One of the things she says is: "In the cutting it, if thou dost shed One drop of Christian blood, thy lands and goods Are, bye the laws of Venice, confiscate unto the state of Venice" This comment causes the audience to sympathise with Shylock because if he does not follow the rules then he will lose his land and all his belongings. The last quote from the play where Shylock gains sympathy is when he is asked to sign the deed, he says: "I pray you, give me leave to go from hence; I ma not well: send the deed after me, And I will sign it" This quote creates sympathy as it is alluding to the fact that he is too ill to sign the contract and physically not able to stay in court. This creates sympathy, as the audience will feel sorry for him, as he is not well. After studying the quotes I have taken from this scene, I think there is more evidence of not sympathising with Shylock. We learn about how he is too ill to stay in court and how he nearly lost all his belongings yet he was still going to go through with killing Antonio and I think that is cold-hearted and cruel. Therefore I do not sympathise with Shylock in this scene. After studying the text thoroughly and taking into account the quotes I have chosen to support both sides of the argument I have come to the conclusion that I do not sympathise with Shylock in this play. He has shown that he can kill an innocent person all because he doesn't like their religion and I think he is cold-hearted and a killer. However, I do sympathise with him when he is being called names by the other characters, as I don't think it is fair to call someone just because of their religion. Although there are times when I sympathise with Shylock in this play, overall I do not sympathise with him because I don't like his actions he takes against other characters because of their religion. 1 ...read more.

The above preview is unformatted text

This student written piece of work is one of many that can be found in our GCSE The Merchant of Venice section.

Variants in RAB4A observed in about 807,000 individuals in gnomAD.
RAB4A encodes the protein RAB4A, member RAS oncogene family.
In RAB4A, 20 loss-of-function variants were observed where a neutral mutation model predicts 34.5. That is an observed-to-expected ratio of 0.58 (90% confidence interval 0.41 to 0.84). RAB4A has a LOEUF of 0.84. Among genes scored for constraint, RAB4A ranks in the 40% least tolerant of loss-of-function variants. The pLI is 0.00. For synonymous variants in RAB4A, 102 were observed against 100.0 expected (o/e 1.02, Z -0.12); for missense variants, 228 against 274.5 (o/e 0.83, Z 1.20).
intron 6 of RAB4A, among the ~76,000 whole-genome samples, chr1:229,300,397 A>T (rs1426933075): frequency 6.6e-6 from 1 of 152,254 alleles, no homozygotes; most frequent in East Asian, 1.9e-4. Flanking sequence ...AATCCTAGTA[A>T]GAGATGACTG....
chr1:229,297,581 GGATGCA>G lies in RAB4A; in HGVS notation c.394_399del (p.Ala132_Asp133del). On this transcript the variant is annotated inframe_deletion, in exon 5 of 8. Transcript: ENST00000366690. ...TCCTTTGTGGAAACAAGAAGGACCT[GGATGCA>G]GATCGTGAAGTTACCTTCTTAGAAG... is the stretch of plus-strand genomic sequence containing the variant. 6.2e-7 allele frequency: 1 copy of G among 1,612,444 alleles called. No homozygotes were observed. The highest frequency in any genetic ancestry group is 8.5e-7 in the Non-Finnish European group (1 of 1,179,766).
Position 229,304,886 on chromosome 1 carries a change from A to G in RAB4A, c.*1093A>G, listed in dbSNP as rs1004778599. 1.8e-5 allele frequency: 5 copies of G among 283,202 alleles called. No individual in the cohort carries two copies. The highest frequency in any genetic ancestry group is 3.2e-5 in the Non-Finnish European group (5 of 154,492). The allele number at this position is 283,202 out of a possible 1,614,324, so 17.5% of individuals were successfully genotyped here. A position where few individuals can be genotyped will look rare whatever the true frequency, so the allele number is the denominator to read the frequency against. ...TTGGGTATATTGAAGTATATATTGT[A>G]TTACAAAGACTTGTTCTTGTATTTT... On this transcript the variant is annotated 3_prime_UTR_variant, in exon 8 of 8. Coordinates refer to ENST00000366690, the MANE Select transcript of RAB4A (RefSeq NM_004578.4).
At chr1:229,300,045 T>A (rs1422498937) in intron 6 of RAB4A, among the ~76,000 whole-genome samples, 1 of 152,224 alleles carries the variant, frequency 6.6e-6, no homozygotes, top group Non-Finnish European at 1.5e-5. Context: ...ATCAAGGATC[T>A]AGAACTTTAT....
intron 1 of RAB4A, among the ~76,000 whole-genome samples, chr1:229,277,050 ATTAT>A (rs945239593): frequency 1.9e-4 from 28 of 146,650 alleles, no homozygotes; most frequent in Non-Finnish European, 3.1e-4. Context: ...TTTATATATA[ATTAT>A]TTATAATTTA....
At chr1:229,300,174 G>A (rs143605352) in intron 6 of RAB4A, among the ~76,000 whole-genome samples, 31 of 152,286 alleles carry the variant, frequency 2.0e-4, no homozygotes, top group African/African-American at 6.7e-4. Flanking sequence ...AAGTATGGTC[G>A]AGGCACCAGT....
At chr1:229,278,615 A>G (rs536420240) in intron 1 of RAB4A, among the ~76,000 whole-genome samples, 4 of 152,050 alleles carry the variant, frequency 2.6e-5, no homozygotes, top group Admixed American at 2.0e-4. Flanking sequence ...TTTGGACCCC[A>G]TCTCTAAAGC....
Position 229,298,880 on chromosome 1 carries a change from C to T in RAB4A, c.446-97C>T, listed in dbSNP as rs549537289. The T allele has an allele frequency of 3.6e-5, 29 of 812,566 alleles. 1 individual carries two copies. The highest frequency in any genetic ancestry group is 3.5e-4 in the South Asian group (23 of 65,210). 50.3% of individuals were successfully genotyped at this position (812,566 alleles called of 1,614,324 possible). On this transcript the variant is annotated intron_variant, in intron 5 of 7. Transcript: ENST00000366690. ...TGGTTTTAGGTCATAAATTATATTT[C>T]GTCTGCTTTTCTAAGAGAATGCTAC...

Found what you're looking for?

  • Start learning 29% faster today
  • 150,000+ documents available
  • Just £6.99 a month

Not the one? Search for your essay title...
  • Join over 1.2 million students every month
  • Accelerate your learning by 29%
  • Unlimited access from just £6.99 per month

See related essaysSee related essays

Related GCSE The Merchant of Venice essays

  1. Peer reviewed

    How does Shakespeare present the character of Shylock in the play? Is it possible ...

    3 star(s)

    When the Judge (Portia in disguise) reminds him that he didn't ask for blood and so if any blood spills when he takes the flesh then he will have all his possessions taken from him, as he will have broken the bond and law.

  2. Shylock is a tragic figure, trapped by prejudice and driven to revenge by the ...

    Antonio so far in this particular encounter between the two, although we must again refer to the possibility of Shylock's actions being justified due to the constant provocation over the years and we could assume that Shylock is simply retaliating.

  1. Merchant of Venice - Comparing and Contrasting Antonio and Shylock

    Bossanio pleads with Shylock, but Shylock teases. Shylock enjoys having the power, this shows that Shylock is being very business like, but Antonio will sign the bound. This may also show that Shylock is plotting revenge and expecting them to fail.

  2. "Is 'The Merchant of Venice 'a tragedy for Shylock and a comedy for all ...

    This influences him to say' 'I pardon thee thy life before thou ask it ' For half thy wealth, it is Antonio's; The other half comes to the general state, Which humbleness may drive unto a fine. (IV I lines362-5).

  1. merchant of venice- shylock character analysis

    Shakespeare created shylock against a cultural and historical backdrop that was intensely hostile to jews. Given this social context and historical tradition, it is not unanticipated that some antagonism should appear in Shakespeare's work. He was a commercial writer and needed to contemplate public conventions.

  2. In 'The Merchant of Venice' in Act 1 Scene 3, Shylock is described as ...

    This would leave a modern audience sympathising with Shylock and therefore leaving the final image of Shylock as a victim. There is also evidence throughout the entire play, which suggests Shylock as being both a villain and victim. Shylock gains sympathy as he reveals his humanity.

  1. How Does Shakespeare Influence Audience Opinion Of Shylock in 'The Merchant Of Venice'.

    Shylock learns of the disappearance of his daughter, Jessica and he does not seem to be very concerned. "She is damned for it" This suggests that Shylock does not care about what has happened to her and he blames her, saying she is damned.

  2. How does Shakespeare present the character of Shylock in the play?

    He also says "O my ducats! O my daughter!" The way in which me mentions the loss of his money before his daughter implies that he considers his wealth to be more important to him than his family. This portrays him as a callous miser.

  • Over 160,000 pieces
    of student written work
  • Annotated by
    experienced teachers
  • Ideas and feedback to
    improve your own work